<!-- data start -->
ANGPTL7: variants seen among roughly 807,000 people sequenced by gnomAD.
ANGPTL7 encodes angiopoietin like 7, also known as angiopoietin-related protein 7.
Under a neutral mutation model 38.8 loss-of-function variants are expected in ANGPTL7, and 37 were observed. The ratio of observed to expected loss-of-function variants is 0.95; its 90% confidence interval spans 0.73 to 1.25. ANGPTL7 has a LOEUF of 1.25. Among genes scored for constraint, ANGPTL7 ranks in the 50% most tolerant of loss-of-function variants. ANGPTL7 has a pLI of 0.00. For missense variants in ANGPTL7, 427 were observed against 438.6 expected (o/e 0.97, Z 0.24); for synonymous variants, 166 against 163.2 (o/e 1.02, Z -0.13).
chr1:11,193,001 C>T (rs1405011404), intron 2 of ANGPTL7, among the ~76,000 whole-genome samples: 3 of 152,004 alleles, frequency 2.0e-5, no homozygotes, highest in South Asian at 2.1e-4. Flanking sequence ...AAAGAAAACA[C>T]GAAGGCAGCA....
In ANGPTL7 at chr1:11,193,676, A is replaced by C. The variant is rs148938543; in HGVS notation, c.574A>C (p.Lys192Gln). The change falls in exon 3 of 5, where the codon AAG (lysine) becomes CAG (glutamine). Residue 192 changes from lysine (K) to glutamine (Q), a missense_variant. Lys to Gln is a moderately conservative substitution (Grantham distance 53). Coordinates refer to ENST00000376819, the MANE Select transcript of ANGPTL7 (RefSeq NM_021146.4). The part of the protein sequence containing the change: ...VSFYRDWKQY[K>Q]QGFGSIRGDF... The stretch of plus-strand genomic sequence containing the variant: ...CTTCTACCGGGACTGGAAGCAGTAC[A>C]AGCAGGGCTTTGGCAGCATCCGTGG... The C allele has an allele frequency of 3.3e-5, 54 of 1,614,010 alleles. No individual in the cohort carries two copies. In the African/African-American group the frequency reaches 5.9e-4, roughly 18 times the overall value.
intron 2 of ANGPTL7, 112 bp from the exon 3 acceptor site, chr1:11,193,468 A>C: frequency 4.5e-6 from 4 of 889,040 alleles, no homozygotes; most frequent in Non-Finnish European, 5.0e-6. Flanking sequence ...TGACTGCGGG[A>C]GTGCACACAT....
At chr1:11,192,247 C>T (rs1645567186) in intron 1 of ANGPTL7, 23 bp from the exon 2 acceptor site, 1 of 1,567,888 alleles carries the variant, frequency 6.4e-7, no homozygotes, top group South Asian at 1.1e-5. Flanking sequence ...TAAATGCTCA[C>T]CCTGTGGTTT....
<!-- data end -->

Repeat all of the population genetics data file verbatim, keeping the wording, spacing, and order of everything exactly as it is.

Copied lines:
ANGPTL7: variants seen among roughly 807,000 people sequenced by gnomAD.
ANGPTL7 encodes angiopoietin like 7, also known as angiopoietin-related protein 7.
Under a neutral mutation model 38.8 loss-of-function variants are expected in ANGPTL7, and 37 were observed. The ratio of observed to expected loss-of-function variants is 0.95; its 90% confidence interval spans 0.73 to 1.25. ANGPTL7 has a LOEUF of 1.25. Among genes scored for constraint, ANGPTL7 ranks in the 50% most tolerant of loss-of-function variants. ANGPTL7 has a pLI of 0.00. For missense variants in ANGPTL7, 427 were observed against 438.6 expected (o/e 0.97, Z 0.24); for synonymous variants, 166 against 163.2 (o/e 1.02, Z -0.13).
chr1:11,193,001 C>T (rs1405011404), intron 2 of ANGPTL7, among the ~76,000 whole-genome samples: 3 of 152,004 alleles, frequency 2.0e-5, no homozygotes, highest in South Asian at 2.1e-4. Flanking sequence ...AAAGAAAACA[C>T]GAAGGCAGCA....
In ANGPTL7 at chr1:11,193,676, A is replaced by C. The variant is rs148938543; in HGVS notation, c.574A>C (p.Lys192Gln). The change falls in exon 3 of 5, where the codon AAG (lysine) becomes CAG (glutamine). Residue 192 changes from lysine (K) to glutamine (Q), a missense_variant. Lys to Gln is a moderately conservative substitution (Grantham distance 53). Coordinates refer to ENST00000376819, the MANE Select transcript of ANGPTL7 (RefSeq NM_021146.4). The part of the protein sequence containing the change: ...VSFYRDWKQY[K>Q]QGFGSIRGDF... The stretch of plus-strand genomic sequence containing the variant: ...CTTCTACCGGGACTGGAAGCAGTAC[A>C]AGCAGGGCTTTGGCAGCATCCGTGG... The C allele has an allele frequency of 3.3e-5, 54 of 1,614,010 alleles. No individual in the cohort carries two copies. In the African/African-American group the frequency reaches 5.9e-4, roughly 18 times the overall value.
intron 2 of ANGPTL7, 112 bp from the exon 3 acceptor site, chr1:11,193,468 A>C: frequency 4.5e-6 from 4 of 889,040 alleles, no homozygotes; most frequent in Non-Finnish European, 5.0e-6. Flanking sequence ...TGACTGCGGG[A>C]GTGCACACAT....
At chr1:11,192,247 C>T (rs1645567186) in intron 1 of ANGPTL7, 23 bp from the exon 2 acceptor site, 1 of 1,567,888 alleles carries the variant, frequency 6.4e-7, no homozygotes, top group South Asian at 1.1e-5. Flanking sequence ...TAAATGCTCA[C>T]CCTGTGGTTT....